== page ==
Sunday, July 17, 2005

Free Khalid

I detest what you write, but I would give my life to make it possible for you to continue to write.

-- Voltaire (letter to M. le Riche, Feb 6, 1770)

For me, this statement is sometimes very applicable to the Jarrar family. I sometimes agree with them, and a lot of times I don't. However, I like and respect all of them as people, and I applaud their courage in expressing their opinions despite the risk this may pose to themselves.

Freedom of speech is the cornerstone of any successful democracy. You cannot have true democracy without people being free to express their opinions and debate current issues. In a true democracy, you cannot expect everyone to agree with you all the time, and if they all seem to agree with you, this is probably a bad sign.

In that light, it has been a good sign to see bloggers like the Jarrar family emerge after the Iraq war. Well educated and fluent in English, they have expressed their opinions with veracity, in individual blogs, as well as on television. And in a real demonstration of courage, they have done all this under their real names, and with their real pictures, knowing that someone who takes offense to their opinions would not have much difficulty in finding them.

The Jarrar clan have tended to be critical of the American actions in Iraq, but have varied greatly in their individual approaches. The oldest brother Raed is the most critical, lashing out at the "occupation" at every opportunity. The mother, Faiza, is more calm in her approach, writing long flowing essays and looking at historical analogies. And, the youngest brother Majid has been too busy with school to pay much attention to his blog.

Of the group, Khalid is possibly the most interesting, preferring to try to find humor in even the most horrible situations: terrorist attacks, people breaking into his house, and the inconveniences posed by security countermeasures. A few months ago, I watched Khalid in the Canadian television special, and he was hillarious - despite the serious nature of the topic, I broke out laughing several times while watching it. Khalid poked fun at electrical problems, water shortages, the security situation, and even his own physical appearance (joking that his beard makes him look like a terrorist). When I talked with Khalid afterward, I told him that he could easily make a living as a stand-up comic if he gets sick of engineering.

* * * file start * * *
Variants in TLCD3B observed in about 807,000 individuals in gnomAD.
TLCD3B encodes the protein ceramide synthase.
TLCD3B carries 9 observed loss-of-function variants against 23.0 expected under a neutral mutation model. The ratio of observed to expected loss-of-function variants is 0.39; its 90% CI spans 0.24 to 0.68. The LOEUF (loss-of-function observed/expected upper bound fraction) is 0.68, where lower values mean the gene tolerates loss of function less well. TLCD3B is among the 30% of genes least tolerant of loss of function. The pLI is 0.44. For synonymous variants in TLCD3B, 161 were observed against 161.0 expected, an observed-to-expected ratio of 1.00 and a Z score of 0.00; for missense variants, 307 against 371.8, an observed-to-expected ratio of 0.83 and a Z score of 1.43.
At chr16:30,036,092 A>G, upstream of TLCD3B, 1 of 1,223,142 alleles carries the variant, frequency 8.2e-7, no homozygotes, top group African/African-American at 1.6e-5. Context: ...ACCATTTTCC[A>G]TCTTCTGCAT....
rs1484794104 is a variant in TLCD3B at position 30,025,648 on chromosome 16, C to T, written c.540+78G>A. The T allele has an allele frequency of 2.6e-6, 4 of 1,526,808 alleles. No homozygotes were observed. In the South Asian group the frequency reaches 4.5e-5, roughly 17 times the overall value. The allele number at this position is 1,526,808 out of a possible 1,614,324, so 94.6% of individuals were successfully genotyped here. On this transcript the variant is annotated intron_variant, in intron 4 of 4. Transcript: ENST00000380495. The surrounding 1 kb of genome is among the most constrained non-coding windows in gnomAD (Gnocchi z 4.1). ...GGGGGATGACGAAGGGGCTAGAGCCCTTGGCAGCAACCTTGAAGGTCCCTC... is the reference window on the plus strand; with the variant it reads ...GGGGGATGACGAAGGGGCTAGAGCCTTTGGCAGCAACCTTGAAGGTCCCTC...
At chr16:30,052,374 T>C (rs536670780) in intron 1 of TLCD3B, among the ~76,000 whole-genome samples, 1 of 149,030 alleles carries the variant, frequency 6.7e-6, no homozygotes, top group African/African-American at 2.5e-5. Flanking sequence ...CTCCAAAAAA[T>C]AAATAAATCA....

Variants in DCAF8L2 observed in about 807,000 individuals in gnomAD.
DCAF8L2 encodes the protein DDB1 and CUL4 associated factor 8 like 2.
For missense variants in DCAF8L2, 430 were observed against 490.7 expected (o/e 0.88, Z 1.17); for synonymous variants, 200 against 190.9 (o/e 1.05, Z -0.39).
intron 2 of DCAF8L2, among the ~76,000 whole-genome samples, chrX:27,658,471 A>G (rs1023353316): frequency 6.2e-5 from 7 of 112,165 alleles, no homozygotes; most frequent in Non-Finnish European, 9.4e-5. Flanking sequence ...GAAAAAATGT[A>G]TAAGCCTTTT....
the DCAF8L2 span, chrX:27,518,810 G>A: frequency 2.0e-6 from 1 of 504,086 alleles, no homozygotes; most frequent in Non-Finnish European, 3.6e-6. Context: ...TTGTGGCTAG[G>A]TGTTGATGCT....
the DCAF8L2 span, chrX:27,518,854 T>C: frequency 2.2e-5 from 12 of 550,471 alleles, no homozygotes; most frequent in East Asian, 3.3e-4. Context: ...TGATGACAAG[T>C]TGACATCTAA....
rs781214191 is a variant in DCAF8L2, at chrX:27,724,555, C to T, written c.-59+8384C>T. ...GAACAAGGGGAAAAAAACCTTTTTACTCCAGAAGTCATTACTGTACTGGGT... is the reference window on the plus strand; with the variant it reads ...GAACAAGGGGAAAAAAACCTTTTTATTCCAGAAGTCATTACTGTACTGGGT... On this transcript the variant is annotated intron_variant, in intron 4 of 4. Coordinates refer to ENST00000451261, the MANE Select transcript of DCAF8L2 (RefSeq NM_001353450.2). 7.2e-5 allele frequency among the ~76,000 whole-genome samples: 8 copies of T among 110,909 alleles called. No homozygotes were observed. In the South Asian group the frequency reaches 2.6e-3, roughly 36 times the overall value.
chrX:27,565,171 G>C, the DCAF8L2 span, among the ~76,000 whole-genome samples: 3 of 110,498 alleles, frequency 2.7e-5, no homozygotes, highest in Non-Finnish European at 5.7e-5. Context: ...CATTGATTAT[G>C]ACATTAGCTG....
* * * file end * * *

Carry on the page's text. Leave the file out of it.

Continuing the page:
I've spoken to Khalid a few times on Instant Messenger, and I can say he is even funnier in person. He is a natural comedian, and a naturally very open and likeable guy: the kind of person who you would always want to have at a social gathering.

Khalid is also a guy who really loves his country. When his family chose to leave Iraq and go to Jordan, Khalid remained behind in Baghdad. A few weeks ago, Khalid joined his family in Amman for a vacation, but when someone broke into their family house in Baghdad, Khalid took that first opportunity to return to Baghdad. When I spoke with Khalid a little over a week ago, he sounded relieved to be back in Baghdad, much like a beached whale might feel upon being returned to the ocean. Despite the violence and uncertainty, Baghdad is home to him, and he likes it there.

What is sad about this whole situation is it is guys like Khalid Jarrar who will be key to the ongoing economic success of the new Iraq: people who are educated, and who could get a job anywhere in the world, but who choose to remain in Iraq despite all the problems.

Khalid Jarrar has been in jail for six nights now, and so far there has not been any reasonable explanation as to why.

It is important to keep talking about Khalid's plight, otherwise he will rot in jail and be forgotten. So, this will probably not be my last blog post on this topic. A few other things that are being done:
  • Liminal setup a blog called Give us our Khalid Back with up to date information on Khalid.
  • A petition has been started to free Khalid.
  • Emails have been written to journalists alerting them of this situation.
  • Letters and emails have been written to the Iraqi embassy in Washington, to members of the US Congress, and to US Secretary of State Condoleezza Rice.
  • A number of bloggers have put up posts in support of Khalid, including my online friends Fayrouz and Najma, and Khalid's brother Raed.

For the Iraqi authorities to jail Khalid Jarrar simply for his blogging activity is morally repugnant, and an affront to democracy. I hope the Iraqi authorities come to their senses soon and release him.

Update [July 18]

Thanks to my friend and resident Photoshop expert Najma, we now have a small "Free Khalid" button that will fit on the sidebar of a typical Blogger blog. I've already added this on mine, but for anyone else who is interested in adding this to your blog, here is the HTML code you need to insert in your template (substituting angled-brackets < > for square brackets [ ], of course).

[p][a href=""][img src="

Update [July 20]

Some schmuck seems to be putting up comments on Khalid's blog and others, pretending to be Khalid, and saying he has been released. As of this morning, the official word from the Jarrar family is there is no new news - Khalid is still in jail. Please remember, if you see a odd-looking comment on this blog or anyone else's blog, that it is possible to comment under someone else's name in the comments section any blog (there really isn't any security there). So, if you see any comments suggesting Khalid has been freed, verify that information with a reliable source before you believe it.